Washburn Rural High School seniors urge school board to keep students in hybrid learning for safety

Local News

TOPEKA, Kan. (KSNT) — As the state legislature and governor push for a return to in-person classes for K-12 education, a group of high school seniors in Topeka are asking their school board to consider what the students want.

The Washburn Rural School Board voted to return to in-person learning at their Feb. 15 meeting. The motion passed 5-1, with just one board member arguing in favor of what her own kids and students wanted. The return would occur the week of March 15.

Aiden Droge is a senior at Washburn Rural High School and started a petition almost a week ago after the school board decision. He and a number of students behind the movement say they feel unsafe going back.

According to a survey sent out by the school, they are not alone. While more Washburn Rural High School parents wanted to see a return according to one of their ThoughtExchange surveys, more students preferred hybrid. In total, between staff, parents, students for both the middle and high schools, more preferred hybrid.

In almost a week his petition has nearly 800 signatures, with more than half of them vetted as actual student names. Droge also collected his own data, attempting to survey his classmates. He polled 610 students and 61% of his respondents preferred the hybrid model of learning.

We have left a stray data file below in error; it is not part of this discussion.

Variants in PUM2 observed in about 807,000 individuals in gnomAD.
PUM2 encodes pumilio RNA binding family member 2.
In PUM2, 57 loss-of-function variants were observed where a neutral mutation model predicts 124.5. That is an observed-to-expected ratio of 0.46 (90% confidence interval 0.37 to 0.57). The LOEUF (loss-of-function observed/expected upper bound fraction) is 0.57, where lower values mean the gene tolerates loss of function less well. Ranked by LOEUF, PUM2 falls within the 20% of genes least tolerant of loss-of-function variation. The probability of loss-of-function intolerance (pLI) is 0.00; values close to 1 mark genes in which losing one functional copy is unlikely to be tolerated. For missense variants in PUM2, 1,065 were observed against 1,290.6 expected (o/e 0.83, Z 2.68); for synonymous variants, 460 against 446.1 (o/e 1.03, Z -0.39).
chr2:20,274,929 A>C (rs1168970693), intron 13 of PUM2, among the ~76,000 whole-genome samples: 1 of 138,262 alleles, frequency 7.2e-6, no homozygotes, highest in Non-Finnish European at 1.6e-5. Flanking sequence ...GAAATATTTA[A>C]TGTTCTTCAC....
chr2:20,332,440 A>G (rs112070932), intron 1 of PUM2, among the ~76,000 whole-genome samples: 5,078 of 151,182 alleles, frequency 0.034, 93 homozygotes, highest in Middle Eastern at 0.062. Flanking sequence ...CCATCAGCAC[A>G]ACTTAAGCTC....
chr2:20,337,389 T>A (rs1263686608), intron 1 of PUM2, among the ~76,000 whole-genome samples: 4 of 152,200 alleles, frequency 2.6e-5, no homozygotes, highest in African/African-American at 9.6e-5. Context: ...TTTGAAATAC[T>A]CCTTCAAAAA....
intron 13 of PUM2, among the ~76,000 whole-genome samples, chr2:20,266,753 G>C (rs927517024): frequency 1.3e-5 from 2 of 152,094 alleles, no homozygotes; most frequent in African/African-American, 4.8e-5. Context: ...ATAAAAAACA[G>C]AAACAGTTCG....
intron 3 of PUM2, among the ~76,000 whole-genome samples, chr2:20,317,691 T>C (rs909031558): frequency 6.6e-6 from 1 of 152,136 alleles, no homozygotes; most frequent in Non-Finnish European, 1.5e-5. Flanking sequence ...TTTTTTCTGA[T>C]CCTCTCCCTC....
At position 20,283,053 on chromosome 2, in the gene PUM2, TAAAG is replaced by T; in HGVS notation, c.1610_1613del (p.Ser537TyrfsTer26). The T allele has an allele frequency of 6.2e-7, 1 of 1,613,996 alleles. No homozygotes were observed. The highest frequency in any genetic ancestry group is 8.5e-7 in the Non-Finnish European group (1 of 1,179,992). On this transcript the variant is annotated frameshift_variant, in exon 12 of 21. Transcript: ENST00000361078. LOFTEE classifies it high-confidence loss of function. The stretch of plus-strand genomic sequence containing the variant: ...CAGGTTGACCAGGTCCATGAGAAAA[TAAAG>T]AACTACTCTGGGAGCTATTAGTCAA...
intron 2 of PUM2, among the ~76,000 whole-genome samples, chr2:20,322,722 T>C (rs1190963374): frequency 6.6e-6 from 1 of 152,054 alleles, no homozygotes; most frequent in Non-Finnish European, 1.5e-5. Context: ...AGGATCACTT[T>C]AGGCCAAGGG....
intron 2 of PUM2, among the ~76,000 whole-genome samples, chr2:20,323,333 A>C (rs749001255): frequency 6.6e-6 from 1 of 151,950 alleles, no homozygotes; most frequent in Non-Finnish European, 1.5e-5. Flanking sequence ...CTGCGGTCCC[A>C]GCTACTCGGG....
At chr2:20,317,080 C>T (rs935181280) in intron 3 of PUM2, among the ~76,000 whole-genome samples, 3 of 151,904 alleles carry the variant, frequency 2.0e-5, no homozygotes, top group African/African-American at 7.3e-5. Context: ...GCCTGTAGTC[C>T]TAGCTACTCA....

Droge says besides being unsafe, he says it’s been taxing for students to go back and forth between the different phases of learning.

“Surveys were sent out by the district and the students clearly want to stay hybrid and finish out this year but they disregarded what we had to say,” Droge said.

“I don’t necessarily think it’s smart to put 2,000 kids back into a building where we are not social distancing I see kids walking around without their masks on,” Alivia Cook, a senior said.

For school board President Tom Bruno, the discussions don’t stop at school. That’s because his daughter Olivia Bruno and her friends are among those behind the movement too.

The in-person return would come after the school district’s spring break.

“Guess what people are going to be doing? They’re going to be traveling and they’re probably not going to quarantine,” Olivia said.

“We’re going to know more in six weeks, or three weeks or six months, we’re going to know more if we don’t adjust as a school board, as a school community our policies our approaches to dealing with this then shame on us as a shame on us,” Tom said.

Tom told Olivia and her friends that part of the decision is to allow the school to start preemptively planning for an eventual return to full in-person learning.

This week the Seaman School District will return back to in person learning, first with the middle school, followed by the high school the week of March 15. After spring break, the Shawnee Heights School District will go back four days a week in-person. Topeka 501 Public Schools are still in hybrid learning as of this week.

The Shawnee County Health Department announced earlier this month that it would like to vaccinate the county’s teachers with their first dose by spring break.

According to Gov. Kelly more doses are on the way for Kansas teachers. Kelly announced a statewide “Back to School Vaccine Plan” which she said means the state will now earmark a portion of its vaccine supplies specifically for K-12 education staff on Feb. 17. The campaign is an effort to accelerate getting students back to in-person learning.

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